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2019, Nissan Frontier SV 4x4, Arctic Blue.
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I know I'll get flamed for this, but they do make coil spring spacers sold at autozone and such that you can place in between the front coils to help level. They are often frowned upon due to not letting spring perform its full stroke as designed, but they are cheap and fairly easy to install. Just a thought, take it or leave it. I just put on my asbestos underwear! FLAME ON! Lol
Don't worry men! Asbestos is brittle! Use fire arrows!
 

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A body shop may be able to add spacers to the body mounts to level things out, it may be cheaper than replacing springs and struts.
 

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2019 Frontier SV 4X4 CC A/T 3" lift - Radflos, SPC ca, ADO +3leaf +shackles, Shrockworks skids
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Sorry, but I think this might be a bad case of buyers remorse and group hysteria. We still don't have any meaningful measurement numbers from op. There is no way you would be able to notice a 1" slant side to side while driving down the road (which is usually slanted itself for drainage). The picture looks normal to me. The building in background is parallel with truck roof so without a laser level it would be extremely hard to tell any lean to truck.
My best opinion would be to get a digital torpedo level and stick it on the different hard parts of your truck to figure out which part is suspect. Like stick it on axle tube then tailgate to compare numbers then drivers upper control arm then passenger uca and compare those.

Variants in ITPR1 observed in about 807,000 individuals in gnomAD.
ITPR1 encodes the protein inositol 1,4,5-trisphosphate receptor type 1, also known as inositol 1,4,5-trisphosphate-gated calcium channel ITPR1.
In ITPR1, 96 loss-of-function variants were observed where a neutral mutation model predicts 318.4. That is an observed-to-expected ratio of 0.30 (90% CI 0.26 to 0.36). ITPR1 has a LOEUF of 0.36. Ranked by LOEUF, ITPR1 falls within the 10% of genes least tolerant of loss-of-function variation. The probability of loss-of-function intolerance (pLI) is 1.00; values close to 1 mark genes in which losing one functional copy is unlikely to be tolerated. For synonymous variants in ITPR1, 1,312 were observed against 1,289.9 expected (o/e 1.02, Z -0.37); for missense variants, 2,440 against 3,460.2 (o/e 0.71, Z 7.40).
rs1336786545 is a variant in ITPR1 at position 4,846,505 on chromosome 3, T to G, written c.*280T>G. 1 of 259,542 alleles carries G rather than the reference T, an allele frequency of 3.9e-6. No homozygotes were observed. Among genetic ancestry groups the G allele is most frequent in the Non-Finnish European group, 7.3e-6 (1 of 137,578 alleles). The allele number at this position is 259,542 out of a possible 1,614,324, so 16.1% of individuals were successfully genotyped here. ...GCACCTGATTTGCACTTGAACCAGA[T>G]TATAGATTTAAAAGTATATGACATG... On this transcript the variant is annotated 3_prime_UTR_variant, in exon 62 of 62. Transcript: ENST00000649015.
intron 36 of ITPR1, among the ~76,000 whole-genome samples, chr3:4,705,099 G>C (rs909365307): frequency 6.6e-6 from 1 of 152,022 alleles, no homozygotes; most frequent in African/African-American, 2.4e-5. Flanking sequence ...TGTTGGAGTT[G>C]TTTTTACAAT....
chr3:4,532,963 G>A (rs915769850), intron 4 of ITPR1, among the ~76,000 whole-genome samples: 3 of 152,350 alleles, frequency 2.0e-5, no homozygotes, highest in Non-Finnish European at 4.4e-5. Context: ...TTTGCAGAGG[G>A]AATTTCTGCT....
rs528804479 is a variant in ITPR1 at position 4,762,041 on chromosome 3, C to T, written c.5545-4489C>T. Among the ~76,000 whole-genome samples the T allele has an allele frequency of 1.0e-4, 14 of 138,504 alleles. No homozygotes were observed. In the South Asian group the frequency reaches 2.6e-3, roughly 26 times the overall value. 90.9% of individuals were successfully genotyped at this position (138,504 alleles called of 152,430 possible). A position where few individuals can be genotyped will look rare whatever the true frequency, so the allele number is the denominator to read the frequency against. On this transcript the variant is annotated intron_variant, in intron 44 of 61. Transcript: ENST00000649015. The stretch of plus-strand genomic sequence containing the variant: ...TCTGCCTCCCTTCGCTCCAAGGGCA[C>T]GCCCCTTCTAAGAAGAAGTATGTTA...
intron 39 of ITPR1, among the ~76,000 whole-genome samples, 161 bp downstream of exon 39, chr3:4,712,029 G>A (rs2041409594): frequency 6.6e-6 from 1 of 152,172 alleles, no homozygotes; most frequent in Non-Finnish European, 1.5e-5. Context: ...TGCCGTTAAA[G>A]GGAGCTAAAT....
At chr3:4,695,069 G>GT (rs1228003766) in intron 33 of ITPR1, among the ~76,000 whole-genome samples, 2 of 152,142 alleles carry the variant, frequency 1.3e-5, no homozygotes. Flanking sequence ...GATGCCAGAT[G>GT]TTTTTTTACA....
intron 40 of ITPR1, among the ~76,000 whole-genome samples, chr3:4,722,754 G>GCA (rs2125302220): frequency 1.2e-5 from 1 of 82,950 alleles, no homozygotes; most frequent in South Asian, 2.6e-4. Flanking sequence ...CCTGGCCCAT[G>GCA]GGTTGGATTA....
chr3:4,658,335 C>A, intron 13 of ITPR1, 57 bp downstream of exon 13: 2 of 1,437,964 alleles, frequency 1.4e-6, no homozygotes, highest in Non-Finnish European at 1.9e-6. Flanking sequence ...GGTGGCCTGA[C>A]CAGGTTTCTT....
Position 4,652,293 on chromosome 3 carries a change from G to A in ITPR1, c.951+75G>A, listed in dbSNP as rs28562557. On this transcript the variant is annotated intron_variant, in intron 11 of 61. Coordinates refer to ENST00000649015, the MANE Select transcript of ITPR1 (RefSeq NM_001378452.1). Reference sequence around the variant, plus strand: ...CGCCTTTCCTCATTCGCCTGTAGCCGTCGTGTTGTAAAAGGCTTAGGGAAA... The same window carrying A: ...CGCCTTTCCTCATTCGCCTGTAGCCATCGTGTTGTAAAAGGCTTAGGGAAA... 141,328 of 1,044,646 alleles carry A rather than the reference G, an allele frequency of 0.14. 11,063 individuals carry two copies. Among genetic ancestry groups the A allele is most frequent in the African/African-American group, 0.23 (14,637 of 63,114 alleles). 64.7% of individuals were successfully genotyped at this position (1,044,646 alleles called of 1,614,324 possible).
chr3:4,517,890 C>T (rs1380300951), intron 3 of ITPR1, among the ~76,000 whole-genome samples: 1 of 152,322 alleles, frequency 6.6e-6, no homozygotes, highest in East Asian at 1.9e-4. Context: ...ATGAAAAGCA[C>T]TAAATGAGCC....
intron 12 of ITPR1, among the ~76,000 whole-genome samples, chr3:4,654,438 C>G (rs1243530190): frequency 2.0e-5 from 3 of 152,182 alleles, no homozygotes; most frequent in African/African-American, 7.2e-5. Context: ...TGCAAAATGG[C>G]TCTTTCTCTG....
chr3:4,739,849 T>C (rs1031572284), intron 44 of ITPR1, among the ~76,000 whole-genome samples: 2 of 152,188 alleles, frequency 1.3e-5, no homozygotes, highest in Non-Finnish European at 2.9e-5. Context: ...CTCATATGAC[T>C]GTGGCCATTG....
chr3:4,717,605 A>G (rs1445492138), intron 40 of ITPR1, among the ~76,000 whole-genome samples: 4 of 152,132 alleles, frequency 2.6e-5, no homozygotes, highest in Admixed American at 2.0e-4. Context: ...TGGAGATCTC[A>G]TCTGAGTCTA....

Even a level app for your phone might be handy to narrow it down.
Good luck and if all else fails, take the offer and be done with it.
Yeah, it's becoming a joke thread. Either get new suspension parts, or don't, or buy a different truck. Honestly. Definitely a case of buyers remorse here. Maybe if they live with it they'll join the fan club, or not...getting tired of this thread by now.
 

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Always replace both leaf springs so you're starting fresh on both sides.

Again, if just one rear leaf spring has sagged more than the other, then the opposite front will be lifted = making the truck way off kilter.
 

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Discussion Starter #108
Just noticed If I park the car with the steering wheel turned to the left so the front tires turned to the left the lean dissapears..... Parked straight or wheel to the right it's there.
 

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Just noticed If I park the car with the steering wheel turned to the left so the front tires turned to the left the lean dissapears..... Parked straight or wheel to the right it's there.
That's normal, known as the Ackerman Angle. Every vehicle does it.
Turning the front wheels causes one wheel to turn further than the other, as the inside wheel has a shorter distance (and sharper turn) to travel to complete the turn. This causes each side of the vehicle to rise or fall as the wheels turn. It's most noticeable when wheels are fully turned with vehicle parked. You will also notice the wheels are leaning to the side a bit when fully turned.